Having decided the appeal on the contract point, the Court went on to conclude however, that Brambles was entitled to contribution under the Wrongs Act. In finding that a claim for contribution was available to Brambles, the Court of Appeal determined that the duty of care owed by Andar as employer (to take reasonable steps to maintain and develop a safe system of work) was quite different from the duty which Wail owed in his capacity as a controller or director of Andar.

In doing so, the Court cited a passage of Dawson J in Nicol and stated that

"…The duty of the employer and employee cannot be regarded as co-extensive or co-terminous. The non-delegable nature of that duty precludes the imposition of the same burden upon an employee as is shouldered by the employer. The failure to take reasonable steps to provide a safe system of work was the failure of Andar, and was quite different from the duty which in his managerial capacity as director owed to the company. Furthermore, the assertion that Wail was solely responsible for the failure by Andar to provide a safe system of work ignores the fact that Andar’s responsibility was to be exercised by the board of the company. Wail was no doubt principally involved in conducting the affairs of Andar, but any other member of the board was just as responsible for ensuring that the company provided a safe system of work for its employees…"

The Court concluded that although Wail was the director solely responsible for the system of work that he himself had to undertake and which caused him injury, that there was some negligence on the part of Andar which was over and above Wail's own negligence,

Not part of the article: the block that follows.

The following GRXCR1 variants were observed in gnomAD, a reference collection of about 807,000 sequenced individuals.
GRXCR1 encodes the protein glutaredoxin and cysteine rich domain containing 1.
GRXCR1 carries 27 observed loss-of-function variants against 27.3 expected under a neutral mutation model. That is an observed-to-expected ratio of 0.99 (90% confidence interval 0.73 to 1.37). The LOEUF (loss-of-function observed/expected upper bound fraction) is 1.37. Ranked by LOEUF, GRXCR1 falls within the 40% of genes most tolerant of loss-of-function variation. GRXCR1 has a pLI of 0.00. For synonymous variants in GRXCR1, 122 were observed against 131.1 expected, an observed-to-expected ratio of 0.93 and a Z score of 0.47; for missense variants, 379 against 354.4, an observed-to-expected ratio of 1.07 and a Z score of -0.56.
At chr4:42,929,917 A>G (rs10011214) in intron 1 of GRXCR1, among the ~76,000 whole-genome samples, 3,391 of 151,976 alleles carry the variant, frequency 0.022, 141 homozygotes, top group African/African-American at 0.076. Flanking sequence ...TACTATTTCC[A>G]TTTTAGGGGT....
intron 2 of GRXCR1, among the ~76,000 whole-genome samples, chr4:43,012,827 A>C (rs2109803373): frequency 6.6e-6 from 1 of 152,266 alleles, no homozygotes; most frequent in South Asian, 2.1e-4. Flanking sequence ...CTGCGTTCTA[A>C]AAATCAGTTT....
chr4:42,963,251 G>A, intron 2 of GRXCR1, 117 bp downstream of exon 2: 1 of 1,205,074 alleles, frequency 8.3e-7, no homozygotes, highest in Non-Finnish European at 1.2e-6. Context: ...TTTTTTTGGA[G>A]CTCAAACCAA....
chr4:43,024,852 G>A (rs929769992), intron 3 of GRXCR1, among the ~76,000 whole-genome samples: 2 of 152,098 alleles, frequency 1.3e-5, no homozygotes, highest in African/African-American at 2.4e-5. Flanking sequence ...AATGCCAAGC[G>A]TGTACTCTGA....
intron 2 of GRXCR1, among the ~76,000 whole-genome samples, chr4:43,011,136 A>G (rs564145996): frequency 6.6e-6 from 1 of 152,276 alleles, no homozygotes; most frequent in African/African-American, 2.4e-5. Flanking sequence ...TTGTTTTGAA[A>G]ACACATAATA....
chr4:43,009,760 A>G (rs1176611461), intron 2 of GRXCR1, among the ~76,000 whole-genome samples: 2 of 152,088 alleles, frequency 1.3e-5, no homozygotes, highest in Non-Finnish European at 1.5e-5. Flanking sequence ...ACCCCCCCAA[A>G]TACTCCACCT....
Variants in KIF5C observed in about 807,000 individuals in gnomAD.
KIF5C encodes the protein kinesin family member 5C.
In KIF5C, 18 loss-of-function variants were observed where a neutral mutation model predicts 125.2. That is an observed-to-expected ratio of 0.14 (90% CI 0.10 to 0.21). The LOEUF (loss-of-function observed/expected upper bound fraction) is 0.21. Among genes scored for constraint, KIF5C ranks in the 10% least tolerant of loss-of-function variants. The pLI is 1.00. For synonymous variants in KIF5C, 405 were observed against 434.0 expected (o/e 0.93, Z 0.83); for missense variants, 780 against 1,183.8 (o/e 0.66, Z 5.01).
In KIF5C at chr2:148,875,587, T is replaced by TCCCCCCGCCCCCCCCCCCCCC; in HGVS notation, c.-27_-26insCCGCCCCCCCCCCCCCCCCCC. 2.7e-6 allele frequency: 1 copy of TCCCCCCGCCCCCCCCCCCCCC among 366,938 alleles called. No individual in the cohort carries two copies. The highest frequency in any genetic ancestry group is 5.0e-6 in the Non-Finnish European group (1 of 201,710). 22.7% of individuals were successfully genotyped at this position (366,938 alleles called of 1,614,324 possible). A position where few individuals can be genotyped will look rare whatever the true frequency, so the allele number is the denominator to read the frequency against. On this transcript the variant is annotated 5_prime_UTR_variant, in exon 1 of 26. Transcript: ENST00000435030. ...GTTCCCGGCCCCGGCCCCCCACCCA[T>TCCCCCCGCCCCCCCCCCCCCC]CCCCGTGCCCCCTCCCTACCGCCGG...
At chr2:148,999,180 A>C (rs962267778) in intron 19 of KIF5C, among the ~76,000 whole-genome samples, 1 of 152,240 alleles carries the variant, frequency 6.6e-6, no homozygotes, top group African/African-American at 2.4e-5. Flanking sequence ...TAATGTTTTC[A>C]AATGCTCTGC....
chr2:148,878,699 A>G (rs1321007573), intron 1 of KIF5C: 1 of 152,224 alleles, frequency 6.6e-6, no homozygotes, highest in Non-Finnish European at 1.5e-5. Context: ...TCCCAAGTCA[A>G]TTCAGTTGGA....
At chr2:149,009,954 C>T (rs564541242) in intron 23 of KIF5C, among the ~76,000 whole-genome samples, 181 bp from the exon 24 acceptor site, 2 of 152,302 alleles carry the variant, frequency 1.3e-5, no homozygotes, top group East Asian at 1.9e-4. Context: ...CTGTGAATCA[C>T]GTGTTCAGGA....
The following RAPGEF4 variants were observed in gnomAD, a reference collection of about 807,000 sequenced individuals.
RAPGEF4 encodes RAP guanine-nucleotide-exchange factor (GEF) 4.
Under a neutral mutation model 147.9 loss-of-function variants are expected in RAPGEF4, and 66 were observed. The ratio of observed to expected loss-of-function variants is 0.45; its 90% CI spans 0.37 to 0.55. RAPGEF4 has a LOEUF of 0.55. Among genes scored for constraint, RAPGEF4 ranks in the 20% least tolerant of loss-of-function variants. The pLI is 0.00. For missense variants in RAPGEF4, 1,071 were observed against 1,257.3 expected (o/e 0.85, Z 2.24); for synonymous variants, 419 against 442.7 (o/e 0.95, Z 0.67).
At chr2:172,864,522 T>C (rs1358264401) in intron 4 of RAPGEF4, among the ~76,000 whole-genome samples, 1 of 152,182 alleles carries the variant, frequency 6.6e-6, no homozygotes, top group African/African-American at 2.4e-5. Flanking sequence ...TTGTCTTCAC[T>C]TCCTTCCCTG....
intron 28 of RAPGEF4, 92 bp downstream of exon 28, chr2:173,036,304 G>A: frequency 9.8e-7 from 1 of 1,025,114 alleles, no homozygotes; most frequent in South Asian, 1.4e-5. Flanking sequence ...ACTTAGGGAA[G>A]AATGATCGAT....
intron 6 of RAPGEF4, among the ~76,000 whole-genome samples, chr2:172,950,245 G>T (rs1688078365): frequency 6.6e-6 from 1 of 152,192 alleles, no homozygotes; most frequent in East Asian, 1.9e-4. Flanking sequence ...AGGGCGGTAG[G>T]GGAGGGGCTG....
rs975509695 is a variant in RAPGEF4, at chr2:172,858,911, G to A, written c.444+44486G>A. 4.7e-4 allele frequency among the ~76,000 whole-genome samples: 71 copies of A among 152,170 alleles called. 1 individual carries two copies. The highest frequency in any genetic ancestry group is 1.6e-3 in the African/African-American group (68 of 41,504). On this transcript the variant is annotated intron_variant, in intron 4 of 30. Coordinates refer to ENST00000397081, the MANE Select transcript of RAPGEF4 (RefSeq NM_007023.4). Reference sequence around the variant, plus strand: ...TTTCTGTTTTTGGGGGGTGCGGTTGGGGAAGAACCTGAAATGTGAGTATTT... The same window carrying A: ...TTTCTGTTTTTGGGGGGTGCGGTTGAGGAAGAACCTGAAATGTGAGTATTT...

High Court

As previously stated, the appeal to the High Court involved the two primary issues of whether the Court of Appeal erred in finding Andar was contractually obliged to indemnify Brambles for liability incurred as result of Wail's injury, and whether the Court of Appeal erred in concluding the claim for contribution by Brambles against Andar pursuant to the Wrongs Act was otherwise available.

By a majority judgment of 6:1 (Callinan J dissented) the High Court allowed the appeal with costs.

Indemnity clauses

In relation to the contract issue, the Court concluded that the indemnity clauses could not be construed to oblige Andar to provide Brambles with an indemnity in respect of liability arising as a result of Wail's injury. It found that Clause 8 of the contract did not extend to Wail’s injury, as indemnity was limited to any vicarious liability Brambles may incur against third parties.

The Court went on to confirm that indemnity clauses are special provisions to which special rules of interpretation apply. To the extent that the clauses remained ambiguous, the Court found that they should be read down in favour of Andar who was the party providing the indemnity.


Turning to the contribution issue, the Court found that Brambles’ claim for contribution was not barred by Wail's dual responsibilities as a director and employee of Andar. The Court stated that Andar had breached its non-delegable duty as an employer to provide Wail with a safe system of work in relation to the loading and unloading of the truck with linen trolleys.

The Court said further, that it agreed with the approach taken by the Court of Appeal when it adopted what was said by Dawson J in Nicol, stating that,